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Black in Halifax: Kardeisha Provo on sharing her North Preston community with the world

The 17-year-old high-school athlete and volunteer created a YouTube channel to give people in North Preston a way to promote and share their stories.

Kardeisha Provo created a YouTube channel earlier this year to give community members a way to promote and share their stories in their own voices.

Zane Woodford / Metro Order this photo

Kardeisha Provo created a YouTube channel earlier this year to give community members a way to promote and share their stories in their own voices.

Kardeisha Provo is proud of her North Preston community and wants to share its accomplishments with the world.

The 17-year-old high-school athlete and volunteer created a YouTube channel earlier this year to give community members a way to promote and share their stories in their own voices.

“I wanted to showcase that there is good that comes out of North Preston and there is good in North Preston, and I wanted community members to feel involved in the process and to know that what they’re doing doesn’t go unnoticed by the rest of us,” Provo said.

“I felt the need was there because we were continuing to look down on ourselves, based on how other people look at us. I found that it was important to try to find a way to shift that a little bit, shift our minds.”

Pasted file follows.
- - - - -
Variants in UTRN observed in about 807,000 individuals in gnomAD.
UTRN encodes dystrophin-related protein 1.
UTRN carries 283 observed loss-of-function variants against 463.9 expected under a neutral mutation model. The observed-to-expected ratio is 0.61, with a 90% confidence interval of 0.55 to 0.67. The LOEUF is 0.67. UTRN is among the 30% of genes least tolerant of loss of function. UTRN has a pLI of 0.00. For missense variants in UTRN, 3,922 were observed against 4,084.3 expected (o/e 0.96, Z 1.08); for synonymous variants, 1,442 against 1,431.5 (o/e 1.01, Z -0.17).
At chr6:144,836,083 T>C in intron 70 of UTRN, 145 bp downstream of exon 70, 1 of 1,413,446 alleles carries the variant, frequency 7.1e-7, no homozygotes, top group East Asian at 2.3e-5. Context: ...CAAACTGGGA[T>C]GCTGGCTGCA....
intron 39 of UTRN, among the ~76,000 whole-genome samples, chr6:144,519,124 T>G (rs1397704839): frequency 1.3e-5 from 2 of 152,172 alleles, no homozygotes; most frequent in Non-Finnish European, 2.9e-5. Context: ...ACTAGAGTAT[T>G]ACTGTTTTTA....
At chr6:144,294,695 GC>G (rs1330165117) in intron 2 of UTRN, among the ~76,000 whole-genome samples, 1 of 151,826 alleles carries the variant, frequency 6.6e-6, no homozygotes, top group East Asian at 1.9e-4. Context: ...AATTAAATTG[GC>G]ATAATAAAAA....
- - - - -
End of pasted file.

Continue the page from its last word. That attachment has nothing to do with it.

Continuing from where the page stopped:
It didn’t take long for her idea to take off and inspire others.

“I think it has been like a little spark of inspiration in terms of the things that we produce ourselves. Everyone is in that kind of mindset, producing things and doing things. There are documentaries coming out from our community right now and music and all of that,” she said.

“We are beginning to value ourselves and know that when people put bad things out in the papers about us, we know now to be critical of it.... I see now that my community has been challenging the way that other people view us.”

Provo can usually be found volunteering wherever and whenever she’s needed in the community.

Among the many initiatives Provo makes time for: an after-school youth program run out of her older sister LaNeia Reddick’s North Preston basement. She’s grateful her sister is funding the initiative and guiding her and the other youth participants.

“It has been going so good.... This is a place we want to eventually turn into a centre, but we’re starting here right now. There are about 20 youth that come every Tuesday,” she explained.

“We do youth programing basically on whatever they want. It’s been neat to grow with them and be a space in the community for them to come and be whoever they want to be. We don’t have time restrictions and we talk about a lot of things.”

Provo graduates from high school this June and plans to study medicine in the U.S. But she will come back.

“I like the idea of branching out and exploring the world and bringing it all back to my community and to where my world first started,” she said.

Provo doesn’t see herself as extraordinary, pointing out there are many “incredible and talented” young people in her community.

“I’m not this special teen or person. I’m regular like everyone else. I just like to talk and speak up and share how I feel, and I know a lot of other people feel those ways too,” she said.

“There are a lot of quiet leaders, a lot of people that I see daily who lead quietly. As a whole, we are continuing to see the value of who we are, and not even just Nova Scotia but the Black experience in North America in general. There’s lots of hope.”

This story is part of Metro's ongoing Black in Halifax series. Let us know your thoughts on the series, and share your own stories using the hashtag #HalifaxWhileBlack with tweets, Instagram posts and Facebook comments. We may just share it in a future edition.

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